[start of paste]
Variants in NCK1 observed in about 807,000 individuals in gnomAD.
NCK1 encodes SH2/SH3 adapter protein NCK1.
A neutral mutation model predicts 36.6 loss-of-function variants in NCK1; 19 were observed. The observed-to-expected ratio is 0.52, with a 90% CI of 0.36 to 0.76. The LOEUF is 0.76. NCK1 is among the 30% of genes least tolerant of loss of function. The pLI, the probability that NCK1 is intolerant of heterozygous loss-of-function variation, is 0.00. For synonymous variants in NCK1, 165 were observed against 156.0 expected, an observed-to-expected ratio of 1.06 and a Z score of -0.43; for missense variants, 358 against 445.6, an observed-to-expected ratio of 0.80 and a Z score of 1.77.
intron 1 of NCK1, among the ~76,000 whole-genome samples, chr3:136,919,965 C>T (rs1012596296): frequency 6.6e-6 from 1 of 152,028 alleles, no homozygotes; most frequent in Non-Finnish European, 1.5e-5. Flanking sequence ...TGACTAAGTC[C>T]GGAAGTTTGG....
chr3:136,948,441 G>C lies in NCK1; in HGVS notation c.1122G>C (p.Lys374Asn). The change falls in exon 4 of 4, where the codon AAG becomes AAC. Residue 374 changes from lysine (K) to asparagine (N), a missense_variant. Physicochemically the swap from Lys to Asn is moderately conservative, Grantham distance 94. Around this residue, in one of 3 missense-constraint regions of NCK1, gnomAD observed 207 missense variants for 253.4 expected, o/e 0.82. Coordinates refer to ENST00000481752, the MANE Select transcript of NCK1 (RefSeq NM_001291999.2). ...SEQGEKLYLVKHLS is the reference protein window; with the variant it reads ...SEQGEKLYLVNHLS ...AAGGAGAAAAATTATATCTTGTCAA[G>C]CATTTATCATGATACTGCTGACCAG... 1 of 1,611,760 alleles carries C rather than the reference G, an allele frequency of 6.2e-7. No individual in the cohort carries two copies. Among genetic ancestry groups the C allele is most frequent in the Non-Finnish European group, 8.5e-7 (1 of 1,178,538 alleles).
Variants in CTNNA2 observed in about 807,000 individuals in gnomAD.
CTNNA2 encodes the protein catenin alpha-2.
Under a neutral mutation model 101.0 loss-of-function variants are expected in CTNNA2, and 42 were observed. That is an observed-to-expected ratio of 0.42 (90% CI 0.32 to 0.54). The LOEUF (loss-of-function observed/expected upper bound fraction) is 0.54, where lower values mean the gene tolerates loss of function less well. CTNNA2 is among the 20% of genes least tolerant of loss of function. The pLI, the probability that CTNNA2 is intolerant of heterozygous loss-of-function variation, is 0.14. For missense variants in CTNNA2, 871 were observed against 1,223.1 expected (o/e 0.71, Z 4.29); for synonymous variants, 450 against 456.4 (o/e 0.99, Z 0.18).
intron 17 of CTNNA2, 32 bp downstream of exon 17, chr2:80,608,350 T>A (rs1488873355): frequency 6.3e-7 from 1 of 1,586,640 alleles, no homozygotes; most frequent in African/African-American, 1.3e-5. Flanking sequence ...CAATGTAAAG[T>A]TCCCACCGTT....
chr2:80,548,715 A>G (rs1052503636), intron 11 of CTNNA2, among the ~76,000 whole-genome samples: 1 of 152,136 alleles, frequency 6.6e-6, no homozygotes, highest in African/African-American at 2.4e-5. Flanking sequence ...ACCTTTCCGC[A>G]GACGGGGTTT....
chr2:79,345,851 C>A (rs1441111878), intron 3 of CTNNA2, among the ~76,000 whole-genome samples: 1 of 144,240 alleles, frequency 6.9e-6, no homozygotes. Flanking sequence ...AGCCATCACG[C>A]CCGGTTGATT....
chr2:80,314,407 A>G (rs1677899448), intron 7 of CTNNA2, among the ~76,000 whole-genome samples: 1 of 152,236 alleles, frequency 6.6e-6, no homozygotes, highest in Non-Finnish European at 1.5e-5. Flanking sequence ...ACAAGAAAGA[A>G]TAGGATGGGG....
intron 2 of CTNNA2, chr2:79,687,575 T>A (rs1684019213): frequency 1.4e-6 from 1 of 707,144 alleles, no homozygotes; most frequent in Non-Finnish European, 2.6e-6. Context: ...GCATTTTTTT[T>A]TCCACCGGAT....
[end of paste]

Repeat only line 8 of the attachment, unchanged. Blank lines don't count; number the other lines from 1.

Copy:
Under a neutral mutation model 101.0 loss-of-function variants are expected in CTNNA2, and 42 were observed. That is an observed-to-expected ratio of 0.42 (90% CI 0.32 to 0.54). The LOEUF (loss-of-function observed/expected upper bound fraction) is 0.54, where lower values mean the gene tolerates loss of function less well. CTNNA2 is among the 20% of genes least tolerant of loss of function. The pLI, the probability that CTNNA2 is intolerant of heterozygous loss-of-function variation, is 0.14. For missense variants in CTNNA2, 871 were observed against 1,223.1 expected (o/e 0.71, Z 4.29); for synonymous variants, 450 against 456.4 (o/e 0.99, Z 0.18).